Rare animals in Western Australia gather to escape the heat | Australia
Rare animals in Western Australia gather to escape the heat
Updated on 23 January 2014, 12:28 AEST
Compiler: Li Weiguo Editor: Fang Teng
The hot weather in the Shark Bay area of Western Australia has attracted unusual "beachers" to gather in the waters near the famous scenic spot Monkemia, forming a natural picture of various poses.
Western Australia gathers rare marine life to escape the heat (Credit: ABC)
Earlier this week, as the temperature in Monkey Mia has been hovering around 40 degrees, the hot weather has attracted various animals to flock to the beach to escape the heat. Katie Hughes, a local, said the weather is too hot, possibly 41 degrees. She saw five emu plunge into the water to cool her paws. These emu walking along the beach first walked to the water's edge, stared at the water, and then looked at each other and plunged into the water collectively. Sometimes they lie on the water, and sometimes make a little churn to cool themselves down. The scene was so wonderful, she had to take a photo of them.
Hughes said that emu is a frequent visitor to the beach, but she has never seen them swimming. It is currently the peak season of wildlife breeding in Monkemia, attracting many tourists who come to watch dolphins there. At the same time, there are a lot of other animals at this time. Hughes said: "We can see some very rare dolphins and dugongs commonly known as'mermaids' every day." In addition, there are two kinds of turtles, sharks and an amazing number of rays.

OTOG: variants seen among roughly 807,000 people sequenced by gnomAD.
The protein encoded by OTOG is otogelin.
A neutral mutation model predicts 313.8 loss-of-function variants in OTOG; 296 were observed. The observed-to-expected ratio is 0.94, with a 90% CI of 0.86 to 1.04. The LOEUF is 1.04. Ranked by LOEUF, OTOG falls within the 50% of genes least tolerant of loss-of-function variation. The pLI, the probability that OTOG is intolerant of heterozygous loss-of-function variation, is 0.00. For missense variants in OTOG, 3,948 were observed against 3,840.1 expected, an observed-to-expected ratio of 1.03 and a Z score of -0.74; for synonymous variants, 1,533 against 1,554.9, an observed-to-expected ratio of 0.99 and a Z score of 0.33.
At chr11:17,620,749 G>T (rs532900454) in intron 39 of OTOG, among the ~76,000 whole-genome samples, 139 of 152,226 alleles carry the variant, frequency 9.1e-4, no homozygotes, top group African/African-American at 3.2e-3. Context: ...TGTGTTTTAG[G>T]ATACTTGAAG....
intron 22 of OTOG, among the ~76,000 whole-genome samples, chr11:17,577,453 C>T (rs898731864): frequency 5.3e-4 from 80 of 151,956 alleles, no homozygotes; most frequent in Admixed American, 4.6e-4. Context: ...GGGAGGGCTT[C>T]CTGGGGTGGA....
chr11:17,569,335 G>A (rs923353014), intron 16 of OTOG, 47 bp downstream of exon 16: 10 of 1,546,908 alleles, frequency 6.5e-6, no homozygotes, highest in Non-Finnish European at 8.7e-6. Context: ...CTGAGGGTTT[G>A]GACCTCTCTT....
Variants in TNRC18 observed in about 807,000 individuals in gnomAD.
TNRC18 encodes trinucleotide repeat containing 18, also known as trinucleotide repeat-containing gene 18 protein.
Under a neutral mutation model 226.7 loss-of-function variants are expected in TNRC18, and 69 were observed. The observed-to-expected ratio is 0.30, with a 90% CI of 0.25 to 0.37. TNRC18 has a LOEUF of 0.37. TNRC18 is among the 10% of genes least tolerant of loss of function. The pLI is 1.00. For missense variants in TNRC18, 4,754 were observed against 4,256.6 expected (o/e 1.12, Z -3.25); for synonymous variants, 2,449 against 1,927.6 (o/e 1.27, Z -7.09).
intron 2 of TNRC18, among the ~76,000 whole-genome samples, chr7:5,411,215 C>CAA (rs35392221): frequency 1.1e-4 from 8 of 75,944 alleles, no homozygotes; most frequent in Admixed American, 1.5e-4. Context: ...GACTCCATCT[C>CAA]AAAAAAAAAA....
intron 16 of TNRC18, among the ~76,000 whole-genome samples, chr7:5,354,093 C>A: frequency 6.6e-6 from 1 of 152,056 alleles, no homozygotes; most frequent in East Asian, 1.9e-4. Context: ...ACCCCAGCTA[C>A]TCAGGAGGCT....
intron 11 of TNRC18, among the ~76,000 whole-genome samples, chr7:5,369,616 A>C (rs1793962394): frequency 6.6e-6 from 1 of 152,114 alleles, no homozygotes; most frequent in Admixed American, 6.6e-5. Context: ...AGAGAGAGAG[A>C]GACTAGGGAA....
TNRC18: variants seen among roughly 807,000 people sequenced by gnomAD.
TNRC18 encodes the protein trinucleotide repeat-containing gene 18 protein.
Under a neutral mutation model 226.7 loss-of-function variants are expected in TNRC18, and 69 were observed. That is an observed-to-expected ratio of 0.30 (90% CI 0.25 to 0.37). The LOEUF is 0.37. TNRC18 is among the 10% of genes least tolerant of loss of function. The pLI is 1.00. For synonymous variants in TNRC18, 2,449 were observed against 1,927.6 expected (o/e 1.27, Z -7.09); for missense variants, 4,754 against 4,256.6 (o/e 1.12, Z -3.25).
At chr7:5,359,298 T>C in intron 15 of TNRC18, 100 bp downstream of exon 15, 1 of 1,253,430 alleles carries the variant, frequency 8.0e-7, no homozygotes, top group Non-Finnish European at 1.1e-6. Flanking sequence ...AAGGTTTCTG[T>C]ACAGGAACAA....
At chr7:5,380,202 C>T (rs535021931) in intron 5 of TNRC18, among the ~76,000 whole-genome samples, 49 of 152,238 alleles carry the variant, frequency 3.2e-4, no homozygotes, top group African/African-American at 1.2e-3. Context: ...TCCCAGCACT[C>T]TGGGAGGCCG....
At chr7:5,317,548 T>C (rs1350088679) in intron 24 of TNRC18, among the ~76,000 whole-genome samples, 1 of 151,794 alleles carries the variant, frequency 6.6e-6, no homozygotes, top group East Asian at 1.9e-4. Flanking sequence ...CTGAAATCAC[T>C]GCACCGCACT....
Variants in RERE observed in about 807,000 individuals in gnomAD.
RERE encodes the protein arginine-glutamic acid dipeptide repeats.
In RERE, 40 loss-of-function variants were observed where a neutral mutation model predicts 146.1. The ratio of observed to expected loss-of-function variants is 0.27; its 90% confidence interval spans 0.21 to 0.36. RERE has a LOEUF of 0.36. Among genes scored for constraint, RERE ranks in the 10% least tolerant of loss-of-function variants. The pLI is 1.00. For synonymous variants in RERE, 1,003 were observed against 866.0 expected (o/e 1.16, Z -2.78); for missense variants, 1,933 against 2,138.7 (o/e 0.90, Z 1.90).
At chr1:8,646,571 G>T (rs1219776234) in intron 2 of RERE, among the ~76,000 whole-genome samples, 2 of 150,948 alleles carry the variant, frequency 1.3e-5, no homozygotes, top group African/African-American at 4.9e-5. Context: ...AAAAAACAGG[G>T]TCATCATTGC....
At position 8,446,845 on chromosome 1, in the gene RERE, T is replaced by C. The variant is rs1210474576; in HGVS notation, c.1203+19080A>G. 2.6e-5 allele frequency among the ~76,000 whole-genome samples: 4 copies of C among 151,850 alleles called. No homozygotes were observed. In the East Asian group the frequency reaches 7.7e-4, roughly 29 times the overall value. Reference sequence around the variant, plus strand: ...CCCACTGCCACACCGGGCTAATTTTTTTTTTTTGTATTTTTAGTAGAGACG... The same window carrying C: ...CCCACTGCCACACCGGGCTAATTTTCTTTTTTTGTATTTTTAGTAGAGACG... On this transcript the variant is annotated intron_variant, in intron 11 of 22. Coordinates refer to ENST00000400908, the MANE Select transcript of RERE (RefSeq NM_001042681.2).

The Bureau of Meteorology predicts that the temperature in the Shark Bay area will cooler for the rest of this week, dropping to more than 30 degrees.
Monkemia Beach, located 850 kilometers north of Perth, the capital of Western Australia, is located in the World Heritage Reserve of Shark Bay. It is famous for its unique marine environment and is currently the habitat of the most endangered marine life in the world. Summer attracts many tourists.